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The Virtues


Introducing our section on the nature of virtue, Philip Vassallo describes how the ancient conception of arête arose and developed.

In discussing arête, Plato leads the examination of humankind’s quest for excellence. Henry Marrou describes arête as “the ideal value to which even life itself must be sacrificed.” Although Marrou considers ludicrous the translation of the word from ancient Greek to mean virtue (he prefers valor), virtue is the term used by translator W.K.C. Guthrie in two of Plato’s dialogues to describe this quality that is made and not born in us, the quality of excellence toward which we strive in our daily conduct in society.

In Protagoras, Plato asks what virtue is, and in Meno, he asks whether it can be taught. Protagoras tells a doubting Socrates that virtue is a single whole and qualities such as justice, selfcontrol and holiness are parts of it. (Guthrie p.61) In brilliantly conceived arguments, Socrates proves to his colleague that: (1) some of the most valiant Athenians have failed to bequeath their virtuous qualities to their offspring, suggesting that virtue is not inherited; (2) a person who posseses some of the parts of virtue listed so matter-of-factly by Protagoras may not fully acquire some of the other parts; thus Socrates asserts that if virtue is indeed a single whole, it cannot be realized without all its parts; (3) if virtue is to be learned, then those who lack it are not necessarily bad but rather ignorant of what virtue is, just as those who are virtuous have simply exploited what they have mastered.

When Meno asks Socrates whether virtue is something that can be taught, the philosopher replies that he does not know what virtue is nor has he ever met a person who does. (Guthrie p.116) Later, Socrates paradoxically summarizes his position when maintaining that if virtue is knowledge, then it must be taught; however, while he has found many seekers of virtue, he has never found any teachers of it. Virtue, then, is not knowledge. (Guthrie p.144)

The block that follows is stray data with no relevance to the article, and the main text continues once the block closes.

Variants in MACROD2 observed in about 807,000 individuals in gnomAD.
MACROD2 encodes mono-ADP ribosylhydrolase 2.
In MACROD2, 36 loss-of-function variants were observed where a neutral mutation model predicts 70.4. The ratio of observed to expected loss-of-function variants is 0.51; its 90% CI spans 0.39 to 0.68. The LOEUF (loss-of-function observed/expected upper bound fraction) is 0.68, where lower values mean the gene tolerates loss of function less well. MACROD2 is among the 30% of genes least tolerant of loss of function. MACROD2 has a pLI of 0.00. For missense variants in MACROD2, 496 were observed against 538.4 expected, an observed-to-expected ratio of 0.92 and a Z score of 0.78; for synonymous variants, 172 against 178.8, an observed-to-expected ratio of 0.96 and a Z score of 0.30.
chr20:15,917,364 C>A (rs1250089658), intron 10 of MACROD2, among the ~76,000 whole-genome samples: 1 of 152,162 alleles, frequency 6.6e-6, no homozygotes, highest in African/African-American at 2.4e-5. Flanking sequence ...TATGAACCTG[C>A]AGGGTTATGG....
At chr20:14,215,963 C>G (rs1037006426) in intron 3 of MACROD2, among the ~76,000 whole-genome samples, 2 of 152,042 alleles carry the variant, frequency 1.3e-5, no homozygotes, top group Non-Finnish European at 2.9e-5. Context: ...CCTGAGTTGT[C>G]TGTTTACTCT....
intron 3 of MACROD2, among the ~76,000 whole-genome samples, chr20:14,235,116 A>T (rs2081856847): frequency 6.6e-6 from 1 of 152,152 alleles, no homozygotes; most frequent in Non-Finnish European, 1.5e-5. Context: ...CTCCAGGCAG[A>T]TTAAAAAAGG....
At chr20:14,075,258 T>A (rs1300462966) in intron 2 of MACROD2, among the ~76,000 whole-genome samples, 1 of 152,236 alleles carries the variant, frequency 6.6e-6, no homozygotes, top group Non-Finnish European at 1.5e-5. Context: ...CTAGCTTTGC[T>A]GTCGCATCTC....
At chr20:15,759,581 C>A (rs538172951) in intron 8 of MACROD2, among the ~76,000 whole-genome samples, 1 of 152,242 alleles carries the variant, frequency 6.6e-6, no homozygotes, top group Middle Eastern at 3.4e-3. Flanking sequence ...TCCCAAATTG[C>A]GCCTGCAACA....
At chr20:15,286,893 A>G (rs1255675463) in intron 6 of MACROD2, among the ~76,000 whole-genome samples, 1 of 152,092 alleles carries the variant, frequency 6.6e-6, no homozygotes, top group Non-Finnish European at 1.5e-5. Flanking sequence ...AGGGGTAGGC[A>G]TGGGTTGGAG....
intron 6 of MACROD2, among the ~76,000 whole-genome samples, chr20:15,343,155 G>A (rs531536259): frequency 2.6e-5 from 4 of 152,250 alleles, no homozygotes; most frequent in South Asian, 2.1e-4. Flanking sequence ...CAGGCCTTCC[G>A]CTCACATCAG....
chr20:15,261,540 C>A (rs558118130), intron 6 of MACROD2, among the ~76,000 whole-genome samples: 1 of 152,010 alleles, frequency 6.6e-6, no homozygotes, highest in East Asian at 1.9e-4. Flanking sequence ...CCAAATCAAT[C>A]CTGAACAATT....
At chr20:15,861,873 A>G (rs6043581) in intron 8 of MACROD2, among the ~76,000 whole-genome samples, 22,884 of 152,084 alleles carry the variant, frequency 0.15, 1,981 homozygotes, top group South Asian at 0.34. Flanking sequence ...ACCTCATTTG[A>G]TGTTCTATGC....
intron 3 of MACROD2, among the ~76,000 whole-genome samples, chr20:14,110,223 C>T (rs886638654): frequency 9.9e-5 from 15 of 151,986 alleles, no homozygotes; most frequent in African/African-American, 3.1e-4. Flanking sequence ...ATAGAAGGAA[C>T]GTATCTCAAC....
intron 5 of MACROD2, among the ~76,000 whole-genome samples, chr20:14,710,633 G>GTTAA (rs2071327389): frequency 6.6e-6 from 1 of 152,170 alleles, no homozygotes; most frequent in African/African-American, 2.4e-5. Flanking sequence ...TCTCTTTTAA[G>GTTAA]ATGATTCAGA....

In his History of Education in Antiquity, Marrou considers arête a heroic “morality of honor,” (p.10) a term by which we can trace the essence of educational theory in antiquity through three distinct phases. It (1) originated in Homeric times (800 BC) to illuminate the glorious knightly culture of aristocratic warriors that thrived magnificently through to the era of the military state of Sparta; (2) assumed a new definition through Plato (circa 400 BC) during the period of the scribe culture of classical Athenian education, which was reserved for a privileged ruling class and based on a search for truth; and (3) finally it expanded its essential characteristics through the writings and oratory of Isocrates (circa 350 BC).

Homer: The Noble Warrior

The warrior of the Homeric era was no barbarian. He was skilled in the art of warfare and athletic activities such as boxing, jousting, running and throwing. But also, through the legends of Homer’s great poetic works, Iliad and Odyssey, Greek warriors learned the chivalrous rules of engagement in combat and ideals of social conduct. Those epics offered the model of the young nobleman achieving arête at the feet of an elder to whose training he committed himself. For instance, Achilles was raised to a state of grace by the wise centaur Chiron and counseled further by Phoenix.

The young hero’s responsibility – his moral imperative – was not to simply attain personal glory above all others in military exercises and speech, but to attain it at the service of the State. Homer’s legacy was so profound that Alexander the Great read him thoroughly and enthusiastically during his military campaigns and his works remained the ‘basic educational textbook’ for centuries. (Marrou p.9)

The Homeric ethic demanded that a man set himself apart spiritually and physically from his peers, and for inspiration he could turn to the poet, who through mythmaking would suggest the means to this end.

Plato: The Philosopher

The democratic ideal preceded classical education; thus, notions of the collective good and of performing heroically for the State were firmly grounded in Greek society by the fifth century B.C. At this time, however, Greece experienced a deep philosophical divide. Sparta remained a military culture while Athens evolved into a ‘scribe culture’, one in which intellectual character was valued as highly as physical prowess. Pedagogy as we know it today took root during this period. The Sophists became the first professional educators, and Plato’s philosophy would stand as an educational model for centuries to come.